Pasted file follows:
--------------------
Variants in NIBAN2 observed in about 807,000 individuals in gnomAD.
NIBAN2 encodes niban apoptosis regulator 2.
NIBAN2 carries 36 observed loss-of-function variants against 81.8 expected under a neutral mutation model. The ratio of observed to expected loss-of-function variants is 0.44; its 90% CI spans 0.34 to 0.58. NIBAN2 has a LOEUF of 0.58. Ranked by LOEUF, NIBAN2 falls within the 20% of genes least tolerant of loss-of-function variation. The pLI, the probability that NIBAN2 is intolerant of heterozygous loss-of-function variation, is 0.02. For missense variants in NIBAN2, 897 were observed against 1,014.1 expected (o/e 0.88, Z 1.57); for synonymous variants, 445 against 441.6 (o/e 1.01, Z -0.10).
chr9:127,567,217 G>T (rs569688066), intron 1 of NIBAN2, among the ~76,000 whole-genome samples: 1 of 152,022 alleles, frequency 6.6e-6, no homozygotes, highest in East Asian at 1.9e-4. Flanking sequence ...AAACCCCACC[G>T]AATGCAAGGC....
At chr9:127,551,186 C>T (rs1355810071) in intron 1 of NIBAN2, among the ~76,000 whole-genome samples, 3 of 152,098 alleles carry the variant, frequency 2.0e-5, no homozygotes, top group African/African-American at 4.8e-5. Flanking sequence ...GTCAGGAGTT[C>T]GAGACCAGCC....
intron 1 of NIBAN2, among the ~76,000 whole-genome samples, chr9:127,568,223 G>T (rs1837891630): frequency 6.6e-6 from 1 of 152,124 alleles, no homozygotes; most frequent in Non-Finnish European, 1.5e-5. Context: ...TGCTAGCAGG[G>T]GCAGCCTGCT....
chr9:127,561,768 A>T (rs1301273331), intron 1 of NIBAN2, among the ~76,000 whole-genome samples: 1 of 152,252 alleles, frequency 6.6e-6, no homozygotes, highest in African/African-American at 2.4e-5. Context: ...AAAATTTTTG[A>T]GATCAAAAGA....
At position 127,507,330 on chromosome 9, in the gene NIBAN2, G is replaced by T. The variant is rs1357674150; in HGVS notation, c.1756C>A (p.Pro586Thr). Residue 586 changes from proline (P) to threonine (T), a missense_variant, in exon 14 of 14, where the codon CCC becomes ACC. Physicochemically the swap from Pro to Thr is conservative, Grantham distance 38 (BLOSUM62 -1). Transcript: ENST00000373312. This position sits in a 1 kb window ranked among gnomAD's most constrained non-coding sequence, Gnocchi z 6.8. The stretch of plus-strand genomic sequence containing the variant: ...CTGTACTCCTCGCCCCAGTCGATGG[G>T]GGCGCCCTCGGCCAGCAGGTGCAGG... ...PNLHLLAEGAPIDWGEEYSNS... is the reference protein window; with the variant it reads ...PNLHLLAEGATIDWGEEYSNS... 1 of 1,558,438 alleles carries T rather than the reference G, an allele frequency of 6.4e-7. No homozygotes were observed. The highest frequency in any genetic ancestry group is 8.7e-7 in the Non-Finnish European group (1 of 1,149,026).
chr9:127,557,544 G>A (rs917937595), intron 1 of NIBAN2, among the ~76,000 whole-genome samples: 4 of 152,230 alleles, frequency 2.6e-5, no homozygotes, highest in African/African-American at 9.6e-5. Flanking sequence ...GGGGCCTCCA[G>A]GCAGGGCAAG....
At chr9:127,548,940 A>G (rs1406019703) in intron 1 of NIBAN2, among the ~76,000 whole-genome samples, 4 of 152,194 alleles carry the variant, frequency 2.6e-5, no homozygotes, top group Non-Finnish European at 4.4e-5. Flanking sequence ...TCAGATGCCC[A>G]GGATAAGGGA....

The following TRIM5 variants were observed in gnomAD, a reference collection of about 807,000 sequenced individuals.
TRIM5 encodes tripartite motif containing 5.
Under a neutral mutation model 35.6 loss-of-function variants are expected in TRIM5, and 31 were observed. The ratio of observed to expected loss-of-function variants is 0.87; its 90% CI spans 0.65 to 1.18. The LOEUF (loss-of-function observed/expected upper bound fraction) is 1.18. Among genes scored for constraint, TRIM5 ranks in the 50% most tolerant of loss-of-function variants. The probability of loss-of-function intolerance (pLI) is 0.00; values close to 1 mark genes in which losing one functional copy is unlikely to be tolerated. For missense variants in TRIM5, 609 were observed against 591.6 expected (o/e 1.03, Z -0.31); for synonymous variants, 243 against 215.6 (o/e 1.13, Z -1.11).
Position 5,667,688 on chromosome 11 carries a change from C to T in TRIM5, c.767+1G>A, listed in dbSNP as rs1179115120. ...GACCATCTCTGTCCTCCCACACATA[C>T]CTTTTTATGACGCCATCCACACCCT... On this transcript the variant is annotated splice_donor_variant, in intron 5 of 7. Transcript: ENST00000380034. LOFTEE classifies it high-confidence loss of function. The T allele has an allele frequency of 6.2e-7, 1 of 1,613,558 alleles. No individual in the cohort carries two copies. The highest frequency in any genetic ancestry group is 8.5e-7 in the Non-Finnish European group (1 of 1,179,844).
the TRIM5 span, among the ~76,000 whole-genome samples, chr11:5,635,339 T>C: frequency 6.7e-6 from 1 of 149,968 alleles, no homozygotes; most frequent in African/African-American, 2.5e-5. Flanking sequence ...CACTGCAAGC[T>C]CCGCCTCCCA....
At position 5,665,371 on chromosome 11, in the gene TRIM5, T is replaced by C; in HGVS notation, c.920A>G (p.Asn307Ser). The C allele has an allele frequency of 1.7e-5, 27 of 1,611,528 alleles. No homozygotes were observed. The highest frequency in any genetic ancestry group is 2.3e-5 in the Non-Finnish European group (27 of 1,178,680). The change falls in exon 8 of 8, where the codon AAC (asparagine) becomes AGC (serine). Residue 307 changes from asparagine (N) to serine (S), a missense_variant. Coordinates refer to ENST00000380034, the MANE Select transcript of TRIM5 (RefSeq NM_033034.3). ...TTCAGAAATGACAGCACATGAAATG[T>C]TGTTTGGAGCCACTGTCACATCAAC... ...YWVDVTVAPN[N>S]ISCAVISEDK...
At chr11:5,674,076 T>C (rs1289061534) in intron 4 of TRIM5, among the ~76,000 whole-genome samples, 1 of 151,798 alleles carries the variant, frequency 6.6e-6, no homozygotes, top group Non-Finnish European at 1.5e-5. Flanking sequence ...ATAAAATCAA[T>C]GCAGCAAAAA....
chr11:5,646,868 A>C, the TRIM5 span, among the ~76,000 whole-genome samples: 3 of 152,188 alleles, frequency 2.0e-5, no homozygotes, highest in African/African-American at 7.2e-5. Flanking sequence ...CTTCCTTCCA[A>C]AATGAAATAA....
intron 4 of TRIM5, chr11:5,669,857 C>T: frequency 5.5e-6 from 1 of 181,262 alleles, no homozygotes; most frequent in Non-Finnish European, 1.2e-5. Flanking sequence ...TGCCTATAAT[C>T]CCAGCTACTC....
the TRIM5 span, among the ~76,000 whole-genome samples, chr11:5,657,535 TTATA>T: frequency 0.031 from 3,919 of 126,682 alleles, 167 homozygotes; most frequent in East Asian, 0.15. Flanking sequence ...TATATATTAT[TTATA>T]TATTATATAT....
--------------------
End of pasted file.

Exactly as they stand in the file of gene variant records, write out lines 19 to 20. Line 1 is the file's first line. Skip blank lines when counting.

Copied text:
intron 4 of TRIM5, chr11:5,669,857 C>T: frequency 5.5e-6 from 1 of 181,262 alleles, no homozygotes; most frequent in Non-Finnish European, 1.2e-5. Flanking sequence ...TGCCTATAAT[C>T]CCAGCTACTC....
the TRIM5 span, among the ~76,000 whole-genome samples, chr11:5,657,535 TTATA>T: frequency 0.031 from 3,919 of 126,682 alleles, 167 homozygotes; most frequent in East Asian, 0.15. Flanking sequence ...TATATATTAT[TTATA>T]TATTATATAT....